One of the benefits is to prevent editor (particularly admin) burnout by automatically removing short-term watchlist items so the editor does not become overwhelmed by a tremendous watchlist that he feels responsible for. This would be especially useful in fighting short-term vandalism on article, which takes up half or more of an editor's tim on Wikipedia.--Chris Griswold () 00:28, 9 November 2006 (UTC)

Something you could do (but it is a bit more manual) is create a page like: User:ChrisGriswold/watchlist. When you edit a page, add a link to it there, and remove any more than 7 days old. You can check recent changes of the links on a page by clicking related changes, which would be -> Special:Recentchangeslinked/User:ChrisGriswold/watchlist. Now, if we could just get the devs to add a link to that on Special:Contributions.... --Splarka (rant) 08:34, 9 November 2006 (UTC)
I kinda like that idea. Whenever I go to remove user talk pages I've left various notices on from my watchlist I have a hard time remembering who I want to keep watching and who I just gave a "no image source" notice 3 months ago. The alternative would be to not watch the pages I guess, but sometimes people do reply to these things. Also my browser freeze for about 5 minutes when I click "remove selected items from watchlist" after a manual cleanup, and I "only" have ~8500 items on there. It should not be too hard to do either. Just add a "watch for X days" field next to the "Watch this page" checkbox, if left emtpy it's added permanently while if you type in a number an "expiration date" is added to a new field in the watchlist database. Then have a script remove all "past due" items for the user whenever Special:Watchlist is loaded. --Sherool (talk) 08:41, 9 November 2006 (UTC)
I find checking User Talk pages for replies is best done from my contribs rather than my watchlist. --ais523 09:03, 9 November 2006 (UTC)
I heartily agree. A "watchlist for X days" option would be utterly marvelous. Even if it used a fixed quantity, like 60 days. I wonder if it's possible? --Quiddity 09:52, 9 November 2006 (UTC)
I guess it's possible, but would require a change in the meta:Watchlist table, as every record have to contain the time the entry was added and the time for removal. Tizio 10:57, 9 November 2006 (UTC)
Time of removal would be enough, the system just need to know when to remove the item from the watchlist, not when it was added to it. And yes it would require a database change, but adding new fields is not a huge problem, we just need to file a request for change on MediaZilla, get a few people to vote for it and hope some dev can be bothered to implement it ;) --Sherool (talk) 18:09, 9 November 2006 (UTC)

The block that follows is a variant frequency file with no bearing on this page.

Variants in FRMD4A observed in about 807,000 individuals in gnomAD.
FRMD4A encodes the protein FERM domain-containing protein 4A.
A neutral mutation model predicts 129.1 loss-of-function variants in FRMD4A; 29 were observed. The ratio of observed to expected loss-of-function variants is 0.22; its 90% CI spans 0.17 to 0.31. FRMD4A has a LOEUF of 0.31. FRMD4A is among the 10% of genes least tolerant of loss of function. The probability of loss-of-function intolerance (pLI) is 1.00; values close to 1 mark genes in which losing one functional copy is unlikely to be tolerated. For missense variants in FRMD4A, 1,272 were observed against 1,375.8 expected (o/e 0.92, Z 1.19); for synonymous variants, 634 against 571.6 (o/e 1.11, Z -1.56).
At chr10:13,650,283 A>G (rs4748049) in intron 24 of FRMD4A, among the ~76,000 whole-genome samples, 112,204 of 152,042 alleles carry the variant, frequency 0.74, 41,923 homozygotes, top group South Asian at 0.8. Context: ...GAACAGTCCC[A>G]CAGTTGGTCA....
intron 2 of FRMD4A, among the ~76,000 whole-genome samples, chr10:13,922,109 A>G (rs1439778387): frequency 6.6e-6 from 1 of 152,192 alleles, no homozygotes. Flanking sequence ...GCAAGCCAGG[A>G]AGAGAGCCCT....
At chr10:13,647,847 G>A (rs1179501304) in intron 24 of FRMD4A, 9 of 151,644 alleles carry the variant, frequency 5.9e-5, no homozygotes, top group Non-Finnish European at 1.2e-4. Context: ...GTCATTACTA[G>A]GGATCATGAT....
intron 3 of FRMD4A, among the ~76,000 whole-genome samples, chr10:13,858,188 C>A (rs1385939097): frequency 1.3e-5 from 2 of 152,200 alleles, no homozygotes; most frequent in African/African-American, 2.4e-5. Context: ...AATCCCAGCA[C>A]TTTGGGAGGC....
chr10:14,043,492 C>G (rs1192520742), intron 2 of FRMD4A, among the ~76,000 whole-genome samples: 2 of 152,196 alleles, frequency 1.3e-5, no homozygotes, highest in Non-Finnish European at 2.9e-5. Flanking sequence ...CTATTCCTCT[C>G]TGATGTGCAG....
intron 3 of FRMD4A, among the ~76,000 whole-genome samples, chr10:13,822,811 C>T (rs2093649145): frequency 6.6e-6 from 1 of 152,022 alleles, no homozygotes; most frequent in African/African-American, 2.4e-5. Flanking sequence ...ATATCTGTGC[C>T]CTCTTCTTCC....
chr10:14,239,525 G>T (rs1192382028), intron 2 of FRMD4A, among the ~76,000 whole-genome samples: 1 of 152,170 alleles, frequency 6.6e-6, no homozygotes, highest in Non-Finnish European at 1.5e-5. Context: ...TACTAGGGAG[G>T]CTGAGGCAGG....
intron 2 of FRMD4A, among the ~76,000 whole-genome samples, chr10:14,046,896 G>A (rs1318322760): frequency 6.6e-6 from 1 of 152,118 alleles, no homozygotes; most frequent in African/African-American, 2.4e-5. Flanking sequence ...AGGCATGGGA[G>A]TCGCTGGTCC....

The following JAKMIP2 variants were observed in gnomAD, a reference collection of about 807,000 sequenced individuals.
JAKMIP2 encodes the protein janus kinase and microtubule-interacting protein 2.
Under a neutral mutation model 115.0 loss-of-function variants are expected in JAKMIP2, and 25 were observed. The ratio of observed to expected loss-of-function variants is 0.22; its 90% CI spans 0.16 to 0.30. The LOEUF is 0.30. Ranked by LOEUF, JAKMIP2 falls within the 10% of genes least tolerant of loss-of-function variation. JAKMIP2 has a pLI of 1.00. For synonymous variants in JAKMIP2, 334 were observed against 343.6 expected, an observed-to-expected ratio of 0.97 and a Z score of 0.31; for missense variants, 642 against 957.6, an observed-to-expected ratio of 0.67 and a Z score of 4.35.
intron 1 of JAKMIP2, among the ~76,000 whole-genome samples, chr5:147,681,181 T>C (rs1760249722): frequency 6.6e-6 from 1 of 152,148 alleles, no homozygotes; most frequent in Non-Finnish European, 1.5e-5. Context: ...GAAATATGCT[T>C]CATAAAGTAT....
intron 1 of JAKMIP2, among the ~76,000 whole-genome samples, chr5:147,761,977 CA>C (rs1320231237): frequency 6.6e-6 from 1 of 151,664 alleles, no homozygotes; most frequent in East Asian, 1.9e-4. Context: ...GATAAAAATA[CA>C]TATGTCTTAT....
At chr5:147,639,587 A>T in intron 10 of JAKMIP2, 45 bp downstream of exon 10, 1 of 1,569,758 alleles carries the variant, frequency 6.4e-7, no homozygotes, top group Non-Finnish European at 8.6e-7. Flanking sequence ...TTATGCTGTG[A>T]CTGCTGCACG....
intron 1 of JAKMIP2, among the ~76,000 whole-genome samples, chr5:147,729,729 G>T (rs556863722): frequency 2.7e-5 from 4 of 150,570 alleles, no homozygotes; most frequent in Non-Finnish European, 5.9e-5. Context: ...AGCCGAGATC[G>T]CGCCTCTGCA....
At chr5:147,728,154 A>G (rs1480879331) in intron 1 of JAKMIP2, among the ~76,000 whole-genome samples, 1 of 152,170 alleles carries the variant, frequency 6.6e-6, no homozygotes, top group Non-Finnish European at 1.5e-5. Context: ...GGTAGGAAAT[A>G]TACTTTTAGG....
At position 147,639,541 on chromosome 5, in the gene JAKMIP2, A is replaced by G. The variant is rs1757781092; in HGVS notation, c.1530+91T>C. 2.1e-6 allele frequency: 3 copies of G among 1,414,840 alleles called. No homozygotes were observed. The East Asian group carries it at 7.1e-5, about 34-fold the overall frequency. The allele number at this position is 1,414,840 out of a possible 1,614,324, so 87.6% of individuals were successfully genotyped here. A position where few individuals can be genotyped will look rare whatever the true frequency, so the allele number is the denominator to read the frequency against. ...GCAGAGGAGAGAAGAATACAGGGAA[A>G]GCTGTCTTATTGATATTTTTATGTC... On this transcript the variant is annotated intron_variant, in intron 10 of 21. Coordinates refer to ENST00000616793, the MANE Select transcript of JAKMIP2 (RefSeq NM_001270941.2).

Good feature. I would use that too. --Ligulem 09:33, 10 November 2006 (UTC)

No, not that way. I don't want to have to fill in a field or hit a check box every time I submit an edit. Also, I don't know that I can say, at the time of editing, how long I'll want the page on my watchlist.

I'd rather see a text column on the watchlist page telling me how many days since I last watched it. This needs to display as well when I edit the list. Then I can easily go down the list, saying, "Hm, I haven't had anything to do with X in 6 months and I can't think of any reason to keep it watched. Bye." That's how I'd like it. An export feature would be nice, too. John Reid ° 04:24, 11 November 2006 (UTC)

Well obviously it would be optional. You wouldnt have to fill in or check anything, it would be an optional extra.
As mentioned above, a specific case like leaving welcomes/warnings on user talk pages is where it could come in handy. But your method is good too, and could work in conjunction with each other. -Quiddity 22:18, 11 November 2006 (UTC)

So where do we go from here with this? --Chris Griswold () 06:15, 13 November 2006 (UTC)

Sherool summed it up perfectly just above. Bugzilla makes me nervous, else I would do it. And expect to wait a long time, enhancements are low priority and devs are too few. --Quiddity 08:07, 13 November 2006 (UTC)
If the toolserver ever gets back up, I planned to implement exactly this. Basically, the recentchanges table keeps the last.. 7? days of edits. Basically, use recentchanges to get a list of all articles the target user has edited that are still in the table, and then check the recentchanges table again for all changes to those pages. I haven't gotten a chance to run the query on the toolserver to see how fast it is... I assume it's a little slower than the watchlist, but the recentchanges table is supposed to be fast... --Interiot 06:33, 16 November 2006 (UTC)
Please do. I almost took a huge break from Wikipedia but realized that the major weight on me when editing was trying to get through my watchlist. This will make things so much easier. --Chris Griswold () 09:20, 24 November 2006 (UTC)

Problem using link suggester for main page[edit]

Tried to apply link suggester to main page but suggester noted there was a syntax error in the underlying wikitext: http://can-we-link-it.nickj.org/suggest-links/suggester.php?page=Main_Page

Please can someone fix it? Tom 13:14, 21 November 2006 (UTC)

Problem using link suggester for main page[edit]

Tried to apply the link suggester to the main page but it flagged a wiki syntax error in the wikitext underlying the main page. Please see http://can-we-link-it.nickj.org/suggest-links/suggester.php?page=Main_Page for the syntax error.